Flanged Axehead, Raeburn Bog

Raeburn Bog, Eskdalemuir
This flanged axehead was discovered in Raeburn Bog in 1873. From the collection of Dr Grierson, this object is believed to be from the Middle Bronze Age. It has a Long, chisel type shape with curved blade and narrow uneven flanges.     Middle Bronze Age palstave axes   The quality of metalwork improved greatly during this period. Stone moulds continued to be used, but clay moulds became more common. Smiths began to use an alloy of copper and tin which enabled them to make objects with more complex shapes, and of greater length. Palstave axes developed from the flanged axes of the early Bronze Age, and had a pocket on either side of the axe into which the split ends of the haft could be fitted.   The first metalwork Metal working was a complex and lengthy process. A small pit was dug, filled with crushed ore and charcoal, and then ignited. The temperature was raised by using bellows, perhaps made of animal skin. Once smelting had occurred the molten metal collected in a crucible and tipped into the mould. After cooling the casting was removed and hammered to smooth any rough edges. Cutting edges on axe heads would have been sharpened by hammering or grinding. When stone moulds were in use shapes tended to be simple, but about 3,500 years ago multiple section clay moulds were developed which enabled more complicated shapes to be made.   Early Bronze Age metal workers used pure copper, but this made objects which were flexible in use and difficult to cast. After a period of experimentation, bronze, an alloy of 90 per cent copper and 10 per cent tin was developed. In Dumfries and Galloway most Bronze Age metalwork has been found on lowlands and in river valleys. The River Nith especially has revealed many finds, perhaps because traders and settlers used it to move between the Solway shores and Ayrshire.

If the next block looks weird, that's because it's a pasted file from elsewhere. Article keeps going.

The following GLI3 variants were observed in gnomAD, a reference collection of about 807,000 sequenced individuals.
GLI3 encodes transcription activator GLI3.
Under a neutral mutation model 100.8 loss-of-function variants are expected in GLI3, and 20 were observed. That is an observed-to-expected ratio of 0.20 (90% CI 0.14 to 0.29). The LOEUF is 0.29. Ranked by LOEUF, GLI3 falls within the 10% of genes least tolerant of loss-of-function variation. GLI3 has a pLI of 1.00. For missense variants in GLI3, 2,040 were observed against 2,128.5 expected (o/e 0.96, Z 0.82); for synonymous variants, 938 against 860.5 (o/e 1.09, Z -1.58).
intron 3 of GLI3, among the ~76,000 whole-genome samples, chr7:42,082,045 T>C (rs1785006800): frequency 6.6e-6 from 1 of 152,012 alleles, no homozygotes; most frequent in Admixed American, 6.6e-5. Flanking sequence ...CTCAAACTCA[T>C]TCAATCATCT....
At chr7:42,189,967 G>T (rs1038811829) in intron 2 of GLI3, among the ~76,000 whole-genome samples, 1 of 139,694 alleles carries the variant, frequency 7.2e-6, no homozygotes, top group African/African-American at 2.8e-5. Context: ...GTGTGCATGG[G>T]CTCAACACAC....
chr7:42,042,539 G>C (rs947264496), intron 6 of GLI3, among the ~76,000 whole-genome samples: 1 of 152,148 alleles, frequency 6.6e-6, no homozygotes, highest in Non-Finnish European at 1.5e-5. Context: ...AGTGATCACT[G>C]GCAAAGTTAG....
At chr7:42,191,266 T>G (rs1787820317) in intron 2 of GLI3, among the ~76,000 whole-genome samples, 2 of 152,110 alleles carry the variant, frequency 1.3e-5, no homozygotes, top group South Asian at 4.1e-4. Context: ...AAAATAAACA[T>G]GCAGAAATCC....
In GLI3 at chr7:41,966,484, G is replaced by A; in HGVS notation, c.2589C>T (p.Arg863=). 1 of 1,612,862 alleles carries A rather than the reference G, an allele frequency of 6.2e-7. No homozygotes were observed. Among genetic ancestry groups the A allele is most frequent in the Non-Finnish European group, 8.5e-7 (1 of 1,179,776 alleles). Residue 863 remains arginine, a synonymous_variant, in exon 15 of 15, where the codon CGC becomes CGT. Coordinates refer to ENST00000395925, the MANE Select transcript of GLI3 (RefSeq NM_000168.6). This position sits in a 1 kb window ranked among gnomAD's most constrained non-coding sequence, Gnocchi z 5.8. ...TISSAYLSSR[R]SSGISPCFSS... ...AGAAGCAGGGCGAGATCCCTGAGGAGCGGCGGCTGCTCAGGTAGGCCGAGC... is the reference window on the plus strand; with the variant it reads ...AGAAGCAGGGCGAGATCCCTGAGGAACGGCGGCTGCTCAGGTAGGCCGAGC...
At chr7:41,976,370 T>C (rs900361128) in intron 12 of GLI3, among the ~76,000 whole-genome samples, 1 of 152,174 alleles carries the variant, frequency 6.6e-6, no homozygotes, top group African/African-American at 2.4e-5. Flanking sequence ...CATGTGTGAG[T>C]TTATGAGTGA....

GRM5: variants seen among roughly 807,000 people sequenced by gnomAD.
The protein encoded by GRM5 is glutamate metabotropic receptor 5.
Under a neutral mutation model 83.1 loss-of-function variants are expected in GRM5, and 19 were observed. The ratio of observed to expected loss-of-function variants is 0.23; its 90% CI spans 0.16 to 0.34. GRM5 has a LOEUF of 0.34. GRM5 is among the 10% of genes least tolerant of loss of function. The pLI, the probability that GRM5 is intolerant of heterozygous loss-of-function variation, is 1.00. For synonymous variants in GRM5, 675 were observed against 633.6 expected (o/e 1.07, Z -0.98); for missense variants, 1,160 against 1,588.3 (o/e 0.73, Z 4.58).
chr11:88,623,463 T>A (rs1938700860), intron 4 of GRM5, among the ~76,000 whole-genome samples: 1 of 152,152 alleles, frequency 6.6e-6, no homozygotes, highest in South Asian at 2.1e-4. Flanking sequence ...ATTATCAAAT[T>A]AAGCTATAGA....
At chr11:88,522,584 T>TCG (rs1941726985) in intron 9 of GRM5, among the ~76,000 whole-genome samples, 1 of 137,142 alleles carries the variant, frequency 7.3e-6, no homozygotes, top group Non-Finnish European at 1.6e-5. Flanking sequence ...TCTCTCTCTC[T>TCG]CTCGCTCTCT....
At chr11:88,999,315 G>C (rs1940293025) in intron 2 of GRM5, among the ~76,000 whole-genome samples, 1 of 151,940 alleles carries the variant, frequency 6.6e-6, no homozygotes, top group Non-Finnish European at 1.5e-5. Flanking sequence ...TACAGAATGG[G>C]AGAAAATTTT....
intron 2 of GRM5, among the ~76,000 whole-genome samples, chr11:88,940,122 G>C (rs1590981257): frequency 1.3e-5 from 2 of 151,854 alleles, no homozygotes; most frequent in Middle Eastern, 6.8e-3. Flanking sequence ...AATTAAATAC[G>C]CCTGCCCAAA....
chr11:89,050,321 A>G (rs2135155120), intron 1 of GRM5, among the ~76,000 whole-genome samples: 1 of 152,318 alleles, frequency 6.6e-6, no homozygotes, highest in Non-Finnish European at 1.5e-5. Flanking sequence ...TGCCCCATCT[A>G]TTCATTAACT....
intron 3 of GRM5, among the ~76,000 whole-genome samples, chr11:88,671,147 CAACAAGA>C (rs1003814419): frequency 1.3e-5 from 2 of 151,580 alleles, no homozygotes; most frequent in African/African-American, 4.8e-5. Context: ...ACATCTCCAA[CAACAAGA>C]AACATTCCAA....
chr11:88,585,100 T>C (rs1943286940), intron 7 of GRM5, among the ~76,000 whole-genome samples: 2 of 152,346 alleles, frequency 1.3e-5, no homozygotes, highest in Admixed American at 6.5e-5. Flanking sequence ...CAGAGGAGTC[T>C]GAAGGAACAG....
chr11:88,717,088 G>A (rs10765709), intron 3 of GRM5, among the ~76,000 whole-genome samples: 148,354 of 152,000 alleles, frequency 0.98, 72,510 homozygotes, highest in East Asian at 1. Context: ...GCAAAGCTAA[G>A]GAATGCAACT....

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length: 105 mm width (blade): 30 mm depth: 13 mm
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Raeburn Bog, Eskdalemuir
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